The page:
After the treatment, the solids, including the treating compound, are conveniently removed from the solution by filtration but they can also be removed by any conventional liquid-solid separation technique such as by centrifugation and decanting the liquid. The treatment not only provides clear, gel free filtrates but the solutions are stable in that they remain gel free for extended periods of time.
The invention is further illustrated by, but is not intended to be limited to, the following examples in which the crude methylaluminoxane was prepared by direct water hydrolysis of trimethylaluminum.
A dilute solution of MAO (84.2 g, 0.92 wt % Al, 28.7 mmol Al) was filtered through a frit (15 μ). The filtrate was concentrated (4.6 wt. % Al) and analyzed for soluble aluminum content. It contained 79.7% of the original aluminum value (Sample 1A). Another sample (80.5 g, 0.92 wt. % Al, 27.4 mmol Al) was treated with 2.7 mmol LiOH. The mixture was stirred at room temperature for about 2 hours and then filtered. The filtrate contained 77.7% of the original aluminum value (Sample (1B).
On standing for about 4 weeks, both samples remained clear--no gel formation.
A solution of MAO (56.5 g, 5.04 wt % Al, 105.5 mmol Al) was filtered through a frit (15 μ). The filtrate was concentrated (6.5 wt. % Al) and found to contain 82.5% of the initial Al value (Sample 2A). From the same bottle, another sample (60.5 g, 5.04 wt. % Al, 113.0 mmol Al) was treated with anhydrous LiOH (11.3 mmol). The mixture was stirred at room temperature for about 2 hours and then filtered. The filtrate was concentrated (9.8 wt. % Al). The product contained 80.5% of the original Al content (Sample 2B).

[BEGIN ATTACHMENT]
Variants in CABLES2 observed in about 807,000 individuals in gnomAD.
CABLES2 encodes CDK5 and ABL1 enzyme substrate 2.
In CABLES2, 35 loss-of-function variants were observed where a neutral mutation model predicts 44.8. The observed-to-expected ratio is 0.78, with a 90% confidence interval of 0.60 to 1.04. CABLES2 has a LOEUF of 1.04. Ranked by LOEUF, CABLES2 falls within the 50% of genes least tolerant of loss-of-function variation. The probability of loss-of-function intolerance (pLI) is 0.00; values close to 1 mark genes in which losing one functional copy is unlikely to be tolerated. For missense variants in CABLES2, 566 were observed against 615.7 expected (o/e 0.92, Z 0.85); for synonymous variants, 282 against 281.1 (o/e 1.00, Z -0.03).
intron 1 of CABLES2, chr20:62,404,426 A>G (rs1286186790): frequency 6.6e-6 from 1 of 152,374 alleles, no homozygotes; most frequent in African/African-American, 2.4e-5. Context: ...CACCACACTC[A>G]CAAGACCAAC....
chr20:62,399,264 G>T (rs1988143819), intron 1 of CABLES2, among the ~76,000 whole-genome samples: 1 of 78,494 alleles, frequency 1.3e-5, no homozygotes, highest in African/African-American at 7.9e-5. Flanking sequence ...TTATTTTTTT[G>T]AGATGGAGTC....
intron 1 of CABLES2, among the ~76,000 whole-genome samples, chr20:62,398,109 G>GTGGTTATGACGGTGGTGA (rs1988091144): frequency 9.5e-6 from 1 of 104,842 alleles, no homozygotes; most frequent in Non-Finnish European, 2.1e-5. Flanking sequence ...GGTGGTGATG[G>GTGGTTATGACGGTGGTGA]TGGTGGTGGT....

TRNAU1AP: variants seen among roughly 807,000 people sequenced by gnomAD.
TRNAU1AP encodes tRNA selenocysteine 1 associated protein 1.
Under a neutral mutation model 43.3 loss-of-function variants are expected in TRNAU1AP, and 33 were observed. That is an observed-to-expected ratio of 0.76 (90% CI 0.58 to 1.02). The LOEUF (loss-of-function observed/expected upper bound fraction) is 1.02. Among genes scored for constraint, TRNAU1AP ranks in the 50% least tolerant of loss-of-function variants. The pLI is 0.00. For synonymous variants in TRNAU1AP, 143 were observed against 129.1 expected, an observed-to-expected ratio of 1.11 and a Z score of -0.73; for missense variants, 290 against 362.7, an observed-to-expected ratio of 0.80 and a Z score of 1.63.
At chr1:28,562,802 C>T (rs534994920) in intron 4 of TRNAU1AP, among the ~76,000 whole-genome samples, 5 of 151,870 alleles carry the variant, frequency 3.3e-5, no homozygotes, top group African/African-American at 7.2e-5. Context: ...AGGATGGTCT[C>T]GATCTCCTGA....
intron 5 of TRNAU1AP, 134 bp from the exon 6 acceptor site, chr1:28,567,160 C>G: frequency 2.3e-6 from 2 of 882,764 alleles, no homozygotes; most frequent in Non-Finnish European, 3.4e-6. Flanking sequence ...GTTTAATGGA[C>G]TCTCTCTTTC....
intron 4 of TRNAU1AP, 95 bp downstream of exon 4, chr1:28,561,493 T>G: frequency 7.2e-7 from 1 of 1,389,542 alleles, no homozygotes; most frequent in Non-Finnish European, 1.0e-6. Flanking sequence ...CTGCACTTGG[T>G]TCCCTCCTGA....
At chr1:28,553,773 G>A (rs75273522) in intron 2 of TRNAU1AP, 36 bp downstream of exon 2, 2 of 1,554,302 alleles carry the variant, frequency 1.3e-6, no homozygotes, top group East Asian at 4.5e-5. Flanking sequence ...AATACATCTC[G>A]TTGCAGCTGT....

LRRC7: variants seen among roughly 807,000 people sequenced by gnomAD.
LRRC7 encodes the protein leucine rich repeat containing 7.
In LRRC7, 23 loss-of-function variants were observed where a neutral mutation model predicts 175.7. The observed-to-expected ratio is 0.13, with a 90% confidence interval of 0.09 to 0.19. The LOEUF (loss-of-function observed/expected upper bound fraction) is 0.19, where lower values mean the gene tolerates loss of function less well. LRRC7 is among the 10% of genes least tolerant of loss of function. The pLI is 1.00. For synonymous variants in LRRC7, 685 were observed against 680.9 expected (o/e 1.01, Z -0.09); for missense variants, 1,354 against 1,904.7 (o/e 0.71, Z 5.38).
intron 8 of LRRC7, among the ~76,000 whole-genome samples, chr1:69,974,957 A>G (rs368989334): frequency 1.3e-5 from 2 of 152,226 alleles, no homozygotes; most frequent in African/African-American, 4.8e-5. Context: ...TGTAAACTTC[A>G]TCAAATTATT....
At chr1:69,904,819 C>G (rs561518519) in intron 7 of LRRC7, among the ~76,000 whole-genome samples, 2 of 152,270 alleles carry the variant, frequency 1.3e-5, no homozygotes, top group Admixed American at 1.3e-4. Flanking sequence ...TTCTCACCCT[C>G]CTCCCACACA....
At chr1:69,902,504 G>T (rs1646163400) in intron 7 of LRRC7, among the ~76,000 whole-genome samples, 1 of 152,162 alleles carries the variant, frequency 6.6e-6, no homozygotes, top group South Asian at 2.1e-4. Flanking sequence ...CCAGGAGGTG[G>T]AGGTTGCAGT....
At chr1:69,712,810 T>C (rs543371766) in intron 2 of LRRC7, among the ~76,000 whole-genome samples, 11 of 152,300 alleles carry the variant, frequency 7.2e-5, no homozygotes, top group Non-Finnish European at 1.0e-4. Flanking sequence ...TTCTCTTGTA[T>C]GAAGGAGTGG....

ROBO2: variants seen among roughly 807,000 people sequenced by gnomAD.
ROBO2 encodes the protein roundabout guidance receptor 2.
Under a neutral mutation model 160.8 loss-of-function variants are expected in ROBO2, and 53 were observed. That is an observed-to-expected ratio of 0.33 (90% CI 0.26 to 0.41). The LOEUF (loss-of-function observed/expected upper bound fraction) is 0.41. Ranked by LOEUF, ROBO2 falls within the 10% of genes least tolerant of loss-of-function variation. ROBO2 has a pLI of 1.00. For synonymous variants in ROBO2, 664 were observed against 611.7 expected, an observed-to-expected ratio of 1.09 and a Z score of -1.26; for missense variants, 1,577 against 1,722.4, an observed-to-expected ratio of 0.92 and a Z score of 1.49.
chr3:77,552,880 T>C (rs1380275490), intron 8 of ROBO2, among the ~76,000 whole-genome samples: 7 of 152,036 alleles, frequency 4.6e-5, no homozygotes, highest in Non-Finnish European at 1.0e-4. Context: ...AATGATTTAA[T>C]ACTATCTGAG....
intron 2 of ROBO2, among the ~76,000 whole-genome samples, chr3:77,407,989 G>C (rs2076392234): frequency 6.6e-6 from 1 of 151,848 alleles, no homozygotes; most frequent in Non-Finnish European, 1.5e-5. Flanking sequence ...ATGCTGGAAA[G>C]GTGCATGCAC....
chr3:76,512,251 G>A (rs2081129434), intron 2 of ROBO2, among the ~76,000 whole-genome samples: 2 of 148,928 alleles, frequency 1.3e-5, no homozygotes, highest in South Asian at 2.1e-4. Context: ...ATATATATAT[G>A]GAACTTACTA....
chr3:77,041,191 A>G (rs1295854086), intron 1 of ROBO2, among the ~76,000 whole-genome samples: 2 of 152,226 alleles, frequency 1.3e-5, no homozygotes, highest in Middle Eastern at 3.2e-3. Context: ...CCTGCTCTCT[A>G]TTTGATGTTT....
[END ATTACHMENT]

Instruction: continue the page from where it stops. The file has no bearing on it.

After 4 weeks some precipitate started to form in sample 2A, but sample 2B, to which the LiOH treatment was applied remained clear and gel-free.
MAO (62.8 g, 4.14 wt. % Al, 96.3 mmol Al) was filtered through a frit (15 μ). After concentration (8.2 wt. % Al), the filtrate contained 91.8% of the initial Al value (Sample 3A). Another sample (75.4 g, 4.14 wt. % Al, 115.6 mmol Al) was treated with anhydrous LiOH (11.6 mmol) and then stirred at room temperature for about 3 hours. After filtration, the solution was concentrated (9.1 wt. % Al) and found to contain 90.9% of the initial aluminum value (Sample 3B).
Both samples were kept in the N.sub.2 -box. After 4 weeks, sample 3A had developed some solid-gel precipitate, while sample 3B remained clear and gel-free.
An aged, concentrated sample (15.86 wt. % Al) which had already turned gelatinous and could not be filtered was first diluted to 4.09 wt % Al. A sample of the diluted solution (69.3 g, 4.09 wt. % Al, 105.0 mmol Al) was filtered through a frit (15 μ). The filtrate was concentrated (12.4 wt % Al) and found to contain 73.3% of the original aluminum value (Sample 4A). Similarly, another diluted sample (58.4 g, 4.09 wt % Al, 88.5 mmol Al) was treated with anhydrous LiOH (8.8 mmol). The mixture was stirred at room temperature for about 3 hours. After filtration, the filtrate was concentrated (21 68 wt. % Al). The clear viscous product contained 75.1% of the original aluminum value (Sample 4B). After 4 weeks sample 4A contained some solid-gel precipitate while the clear viscous product of sample 4B remained gel free.
The foregoing examples are summarized in Table I below in which samples 1A, 2A, 3A and 4A are the untreated samples for comparison purposes.
TABLE I______________________________________Anhydrous LiOH Treatment.sup.1 2 of MAO Solutions Final, FilteredEx- Al Values Conc. Sol Gel Formationample Treatment Lost (Mol %) (Wt. % Al After 4 Weeks______________________________________1 A 20.1 4.6 No B 22.3 6.5 No2 A 17.9 6.5 Yes B 19.5 9.8 No3 A 8.2 8.9 Yes B 9.1 10.1 No4 A 26.7 12.4 Yes B 24.9 21.68 No______________________________________ .sup.1 Approximately 10:1 (mol Al in MAO/mol LiOH) stirred at Room Temperature for about 2 hours.
The results demonstrate that the treatment process of the invention both removes gel and the treated solutions remain clear, in contrast gel formed in the solution which were only filtered.